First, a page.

The bankers were only interested in getting communications working. Not anything else. This is why Tesla failed. He was trying to do more than just radio, he wanted to use the Earth as a conductor instead of using the power lines. There was no “free energy” and JP Morgan didn’t stop Tesla over that.
"In 1898, Tesla demonstrated a radio-controlled boat—which he dubbed "teleautomaton"—to the public during an electrical exhibition at Madison Square Garden.[48] The crowd that witnessed the demonstration made outrageous claims about the workings of the boat, such as magic, telepathy, and being piloted by a trained monkey hidden inside.[101] Tesla tried to sell his idea to the U.S. military as a type of radio-controlled torpedo, but they showed little interest.[102] Remote radio control remained a novelty until World War I and afterward, when a number of countries used it in military programs.[103] Tesla took the opportunity to further demonstrate "Teleautomatics" in an address to a meeting of the Commercial Club in Chicago, while he was travelling to Colorado Springs, on 13 May 1899.[25]"
1898: The U.S. Navy Rejects Radio Control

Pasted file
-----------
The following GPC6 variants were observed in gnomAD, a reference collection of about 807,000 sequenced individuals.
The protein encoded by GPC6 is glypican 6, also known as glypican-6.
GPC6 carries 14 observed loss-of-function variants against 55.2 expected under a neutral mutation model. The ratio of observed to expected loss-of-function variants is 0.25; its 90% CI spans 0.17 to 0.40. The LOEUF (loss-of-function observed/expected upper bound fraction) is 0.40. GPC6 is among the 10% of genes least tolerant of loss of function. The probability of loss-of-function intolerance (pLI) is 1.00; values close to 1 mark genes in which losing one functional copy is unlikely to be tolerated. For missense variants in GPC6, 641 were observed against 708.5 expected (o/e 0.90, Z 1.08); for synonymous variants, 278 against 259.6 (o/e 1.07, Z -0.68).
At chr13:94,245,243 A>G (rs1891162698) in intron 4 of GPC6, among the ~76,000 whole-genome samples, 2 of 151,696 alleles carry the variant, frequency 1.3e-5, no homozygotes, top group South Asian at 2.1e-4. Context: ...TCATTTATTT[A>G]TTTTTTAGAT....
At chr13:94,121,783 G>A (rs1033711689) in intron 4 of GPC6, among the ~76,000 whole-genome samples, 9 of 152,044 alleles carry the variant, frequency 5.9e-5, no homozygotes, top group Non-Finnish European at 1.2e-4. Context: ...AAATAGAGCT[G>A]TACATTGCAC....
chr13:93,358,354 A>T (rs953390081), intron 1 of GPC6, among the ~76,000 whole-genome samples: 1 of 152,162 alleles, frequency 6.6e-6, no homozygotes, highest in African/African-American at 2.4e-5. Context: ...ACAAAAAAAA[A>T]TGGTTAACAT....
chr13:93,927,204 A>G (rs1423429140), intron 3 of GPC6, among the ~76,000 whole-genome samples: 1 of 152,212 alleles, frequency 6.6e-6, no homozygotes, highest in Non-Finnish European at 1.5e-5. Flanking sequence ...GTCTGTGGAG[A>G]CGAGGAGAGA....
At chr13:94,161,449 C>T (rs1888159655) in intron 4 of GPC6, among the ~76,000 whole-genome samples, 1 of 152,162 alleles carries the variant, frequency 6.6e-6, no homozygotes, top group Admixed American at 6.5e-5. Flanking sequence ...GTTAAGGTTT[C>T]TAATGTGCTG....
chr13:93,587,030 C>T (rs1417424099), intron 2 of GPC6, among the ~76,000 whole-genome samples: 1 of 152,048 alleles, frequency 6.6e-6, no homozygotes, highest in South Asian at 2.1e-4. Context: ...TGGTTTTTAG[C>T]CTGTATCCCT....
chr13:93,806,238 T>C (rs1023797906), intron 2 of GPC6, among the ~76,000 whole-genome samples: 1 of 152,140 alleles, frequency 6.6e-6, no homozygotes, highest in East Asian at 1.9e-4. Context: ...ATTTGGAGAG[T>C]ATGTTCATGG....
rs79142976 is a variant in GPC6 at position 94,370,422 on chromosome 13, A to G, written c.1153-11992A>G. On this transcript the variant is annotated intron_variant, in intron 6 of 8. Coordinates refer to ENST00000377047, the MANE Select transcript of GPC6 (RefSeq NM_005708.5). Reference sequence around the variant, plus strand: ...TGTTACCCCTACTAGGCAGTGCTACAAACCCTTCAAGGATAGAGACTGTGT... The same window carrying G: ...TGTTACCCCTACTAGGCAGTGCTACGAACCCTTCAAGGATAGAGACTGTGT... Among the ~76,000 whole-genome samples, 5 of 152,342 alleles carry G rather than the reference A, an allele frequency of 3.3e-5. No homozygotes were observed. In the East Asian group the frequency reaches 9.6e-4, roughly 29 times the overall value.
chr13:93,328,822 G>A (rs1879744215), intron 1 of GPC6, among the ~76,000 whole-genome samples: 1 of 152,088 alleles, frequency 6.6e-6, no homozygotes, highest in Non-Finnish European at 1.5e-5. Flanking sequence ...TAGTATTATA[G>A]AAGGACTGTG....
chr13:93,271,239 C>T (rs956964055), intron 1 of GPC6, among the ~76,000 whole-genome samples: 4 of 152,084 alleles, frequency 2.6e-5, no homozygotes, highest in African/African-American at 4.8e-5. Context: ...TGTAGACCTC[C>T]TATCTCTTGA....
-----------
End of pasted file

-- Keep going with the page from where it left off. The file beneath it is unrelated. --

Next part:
"In 1898, at an exhibition at Madison Square GardenNikola Tesla demonstrated a small unmanned boat that was radio controlled. In a bit of showmanship, Tesla entertained the audience to make it seem that the boat could apparently obey commands from the audience but it, was in fact, controlled by Tesla interpreting the verbal requests and sending appropriate frequencies to tuned circuits in the boat.[1] John Hays Hammond Jr is regarded as the father of radio control due to experiments as an apprentice of Thomas Edison at the age of twelve. Hammond was a close friend of Tesla and they performed experiments together in his lab located in his castle. He learned a great deal from his exposure to Tesla. Tesla was granted a US patent on this invention on July 1, 1898.[2] In 1903, the Spanish engineer Leonardo Torres y Quevedo presented the "Telekino" at the Paris Academy of Science, and was granted a patent in France, Spain, Great Britain and the United States.[3] In 1904, Bat, a Windermere steam launch, was controlled using experimental radio control by its inventor, Jack Kitchen.